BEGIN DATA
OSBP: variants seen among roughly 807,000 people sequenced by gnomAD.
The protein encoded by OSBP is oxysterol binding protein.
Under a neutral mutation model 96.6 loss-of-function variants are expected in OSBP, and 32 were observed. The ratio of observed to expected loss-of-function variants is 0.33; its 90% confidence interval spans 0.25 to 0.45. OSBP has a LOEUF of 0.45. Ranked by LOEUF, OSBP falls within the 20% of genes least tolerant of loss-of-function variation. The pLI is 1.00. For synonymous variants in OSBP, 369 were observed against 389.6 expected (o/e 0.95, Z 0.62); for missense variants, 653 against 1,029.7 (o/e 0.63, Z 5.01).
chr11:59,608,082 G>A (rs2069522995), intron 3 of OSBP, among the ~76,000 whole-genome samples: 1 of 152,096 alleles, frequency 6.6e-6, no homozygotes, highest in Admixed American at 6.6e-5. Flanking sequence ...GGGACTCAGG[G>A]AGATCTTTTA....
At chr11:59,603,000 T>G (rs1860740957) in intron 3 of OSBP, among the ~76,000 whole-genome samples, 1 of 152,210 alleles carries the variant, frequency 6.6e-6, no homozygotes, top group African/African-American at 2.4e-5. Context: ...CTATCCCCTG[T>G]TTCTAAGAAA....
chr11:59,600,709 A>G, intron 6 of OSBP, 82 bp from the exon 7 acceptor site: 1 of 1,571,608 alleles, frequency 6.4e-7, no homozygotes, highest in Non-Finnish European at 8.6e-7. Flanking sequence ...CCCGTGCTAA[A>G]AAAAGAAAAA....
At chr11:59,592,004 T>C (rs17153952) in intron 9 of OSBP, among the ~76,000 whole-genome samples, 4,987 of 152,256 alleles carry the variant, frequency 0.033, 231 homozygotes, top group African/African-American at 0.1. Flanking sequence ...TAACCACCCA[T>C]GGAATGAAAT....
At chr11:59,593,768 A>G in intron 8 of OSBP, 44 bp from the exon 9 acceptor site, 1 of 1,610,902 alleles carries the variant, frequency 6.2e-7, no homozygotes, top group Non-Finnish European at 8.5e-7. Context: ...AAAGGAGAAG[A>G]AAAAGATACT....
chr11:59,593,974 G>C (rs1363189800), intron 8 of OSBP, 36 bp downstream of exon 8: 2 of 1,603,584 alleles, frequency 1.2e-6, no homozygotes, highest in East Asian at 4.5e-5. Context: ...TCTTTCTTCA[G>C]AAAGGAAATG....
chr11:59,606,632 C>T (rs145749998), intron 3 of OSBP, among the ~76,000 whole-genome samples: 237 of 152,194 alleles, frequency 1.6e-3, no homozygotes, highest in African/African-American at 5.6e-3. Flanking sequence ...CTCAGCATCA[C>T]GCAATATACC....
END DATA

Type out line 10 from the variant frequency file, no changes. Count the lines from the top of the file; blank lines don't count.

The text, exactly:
chr11:59,606,632 C>T (rs145749998), intron 3 of OSBP, among the ~76,000 whole-genome samples: 237 of 152,194 alleles, frequency 1.6e-3, no homozygotes, highest in African/African-American at 5.6e-3. Flanking sequence ...CTCAGCATCA[C>T]GCAATATACC....